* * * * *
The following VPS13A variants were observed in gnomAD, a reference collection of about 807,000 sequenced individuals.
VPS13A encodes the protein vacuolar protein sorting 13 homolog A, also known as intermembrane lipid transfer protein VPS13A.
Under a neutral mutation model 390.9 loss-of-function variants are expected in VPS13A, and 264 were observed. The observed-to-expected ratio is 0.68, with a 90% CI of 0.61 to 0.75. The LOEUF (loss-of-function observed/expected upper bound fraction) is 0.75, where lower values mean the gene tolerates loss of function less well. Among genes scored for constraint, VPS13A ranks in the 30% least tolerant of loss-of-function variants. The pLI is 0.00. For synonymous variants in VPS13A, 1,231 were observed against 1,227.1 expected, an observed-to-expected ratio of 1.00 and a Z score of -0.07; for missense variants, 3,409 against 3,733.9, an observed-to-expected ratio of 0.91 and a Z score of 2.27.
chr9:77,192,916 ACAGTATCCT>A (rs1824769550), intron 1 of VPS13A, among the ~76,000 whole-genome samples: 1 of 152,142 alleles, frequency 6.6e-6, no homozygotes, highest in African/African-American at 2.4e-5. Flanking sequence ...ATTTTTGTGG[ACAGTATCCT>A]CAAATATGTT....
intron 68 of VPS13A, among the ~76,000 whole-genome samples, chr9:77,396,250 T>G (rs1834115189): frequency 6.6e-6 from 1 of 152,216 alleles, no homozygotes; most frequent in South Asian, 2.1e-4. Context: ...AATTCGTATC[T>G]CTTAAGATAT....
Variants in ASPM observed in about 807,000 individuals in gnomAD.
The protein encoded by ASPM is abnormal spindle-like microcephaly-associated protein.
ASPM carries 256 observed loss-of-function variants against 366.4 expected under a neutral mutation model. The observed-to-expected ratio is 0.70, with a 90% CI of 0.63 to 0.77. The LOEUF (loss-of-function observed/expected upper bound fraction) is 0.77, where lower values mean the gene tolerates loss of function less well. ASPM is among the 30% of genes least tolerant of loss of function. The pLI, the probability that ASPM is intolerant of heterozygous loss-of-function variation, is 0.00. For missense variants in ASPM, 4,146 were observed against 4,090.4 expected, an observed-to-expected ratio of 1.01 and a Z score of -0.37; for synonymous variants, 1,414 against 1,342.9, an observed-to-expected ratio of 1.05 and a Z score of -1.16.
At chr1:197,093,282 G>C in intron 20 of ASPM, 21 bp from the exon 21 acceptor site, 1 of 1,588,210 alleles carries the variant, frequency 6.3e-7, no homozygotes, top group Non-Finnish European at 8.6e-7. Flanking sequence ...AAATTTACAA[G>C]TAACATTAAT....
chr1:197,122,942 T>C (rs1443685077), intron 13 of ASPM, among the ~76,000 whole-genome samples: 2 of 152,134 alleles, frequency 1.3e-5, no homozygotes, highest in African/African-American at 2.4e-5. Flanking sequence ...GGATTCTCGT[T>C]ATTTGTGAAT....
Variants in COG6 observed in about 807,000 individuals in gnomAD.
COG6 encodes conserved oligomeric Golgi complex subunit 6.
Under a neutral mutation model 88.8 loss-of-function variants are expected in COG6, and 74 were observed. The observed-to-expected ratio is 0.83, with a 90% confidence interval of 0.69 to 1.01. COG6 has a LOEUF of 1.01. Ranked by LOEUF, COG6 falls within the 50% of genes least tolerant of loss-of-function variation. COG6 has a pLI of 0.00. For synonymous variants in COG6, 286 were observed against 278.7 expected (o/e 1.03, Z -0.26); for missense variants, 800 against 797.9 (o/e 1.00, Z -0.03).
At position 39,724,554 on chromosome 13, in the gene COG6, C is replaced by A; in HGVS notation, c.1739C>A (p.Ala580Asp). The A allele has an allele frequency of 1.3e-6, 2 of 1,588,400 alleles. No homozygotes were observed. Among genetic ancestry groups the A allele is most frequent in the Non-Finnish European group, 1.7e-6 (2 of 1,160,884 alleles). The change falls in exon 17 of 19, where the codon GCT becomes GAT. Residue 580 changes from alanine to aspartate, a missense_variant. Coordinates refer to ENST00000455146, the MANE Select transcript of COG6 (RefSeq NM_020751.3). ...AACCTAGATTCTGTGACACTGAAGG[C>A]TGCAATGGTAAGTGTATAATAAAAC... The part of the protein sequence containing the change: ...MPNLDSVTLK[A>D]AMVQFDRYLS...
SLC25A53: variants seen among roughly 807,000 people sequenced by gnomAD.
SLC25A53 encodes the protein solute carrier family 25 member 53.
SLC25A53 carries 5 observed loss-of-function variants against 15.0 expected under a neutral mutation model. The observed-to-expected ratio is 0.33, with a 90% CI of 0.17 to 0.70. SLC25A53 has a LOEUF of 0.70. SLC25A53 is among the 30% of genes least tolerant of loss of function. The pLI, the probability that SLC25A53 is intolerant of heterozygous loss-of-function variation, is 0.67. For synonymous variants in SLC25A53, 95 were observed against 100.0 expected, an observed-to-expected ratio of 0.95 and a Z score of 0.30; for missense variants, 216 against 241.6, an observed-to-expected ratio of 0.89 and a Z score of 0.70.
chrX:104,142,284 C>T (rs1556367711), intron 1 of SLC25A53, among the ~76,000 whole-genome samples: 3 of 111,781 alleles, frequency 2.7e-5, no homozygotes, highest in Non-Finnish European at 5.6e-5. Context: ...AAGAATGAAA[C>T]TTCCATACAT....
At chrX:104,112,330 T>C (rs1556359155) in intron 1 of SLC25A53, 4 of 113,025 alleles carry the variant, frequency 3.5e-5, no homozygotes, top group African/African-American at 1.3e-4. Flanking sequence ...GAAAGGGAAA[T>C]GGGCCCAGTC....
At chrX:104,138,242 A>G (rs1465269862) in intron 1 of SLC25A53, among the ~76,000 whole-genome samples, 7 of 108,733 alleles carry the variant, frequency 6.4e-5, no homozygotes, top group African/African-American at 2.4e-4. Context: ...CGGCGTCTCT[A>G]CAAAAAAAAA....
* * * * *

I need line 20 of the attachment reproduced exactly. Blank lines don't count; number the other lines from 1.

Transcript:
At chrX:104,138,242 A>G (rs1465269862) in intron 1 of SLC25A53, among the ~76,000 whole-genome samples, 7 of 108,733 alleles carry the variant, frequency 6.4e-5, no homozygotes, top group African/African-American at 2.4e-4. Context: ...CGGCGTCTCT[A>G]CAAAAAAAAA....